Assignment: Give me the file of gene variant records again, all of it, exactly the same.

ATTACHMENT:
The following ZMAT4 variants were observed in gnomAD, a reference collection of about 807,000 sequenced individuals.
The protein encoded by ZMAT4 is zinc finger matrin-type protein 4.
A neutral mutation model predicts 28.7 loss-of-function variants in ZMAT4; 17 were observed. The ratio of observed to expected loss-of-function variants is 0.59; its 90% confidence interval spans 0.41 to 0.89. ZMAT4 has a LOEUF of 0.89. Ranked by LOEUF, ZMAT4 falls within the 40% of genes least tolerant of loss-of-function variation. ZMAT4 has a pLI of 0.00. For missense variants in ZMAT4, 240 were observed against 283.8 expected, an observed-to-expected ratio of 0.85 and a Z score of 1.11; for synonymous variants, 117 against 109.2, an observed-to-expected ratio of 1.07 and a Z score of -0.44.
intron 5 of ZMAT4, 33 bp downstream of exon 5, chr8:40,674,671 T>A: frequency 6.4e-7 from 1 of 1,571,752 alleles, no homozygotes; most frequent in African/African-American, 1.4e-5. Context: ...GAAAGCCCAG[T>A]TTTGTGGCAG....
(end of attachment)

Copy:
The following ZMAT4 variants were observed in gnomAD, a reference collection of about 807,000 sequenced individuals.
The protein encoded by ZMAT4 is zinc finger matrin-type protein 4.
A neutral mutation model predicts 28.7 loss-of-function variants in ZMAT4; 17 were observed. The ratio of observed to expected loss-of-function variants is 0.59; its 90% confidence interval spans 0.41 to 0.89. ZMAT4 has a LOEUF of 0.89. Ranked by LOEUF, ZMAT4 falls within the 40% of genes least tolerant of loss-of-function variation. ZMAT4 has a pLI of 0.00. For missense variants in ZMAT4, 240 were observed against 283.8 expected, an observed-to-expected ratio of 0.85 and a Z score of 1.11; for synonymous variants, 117 against 109.2, an observed-to-expected ratio of 1.07 and a Z score of -0.44.
intron 5 of ZMAT4, 33 bp downstream of exon 5, chr8:40,674,671 T>A: frequency 6.4e-7 from 1 of 1,571,752 alleles, no homozygotes; most frequent in African/African-American, 1.4e-5. Context: ...GAAAGCCCAG[T>A]TTTGTGGCAG....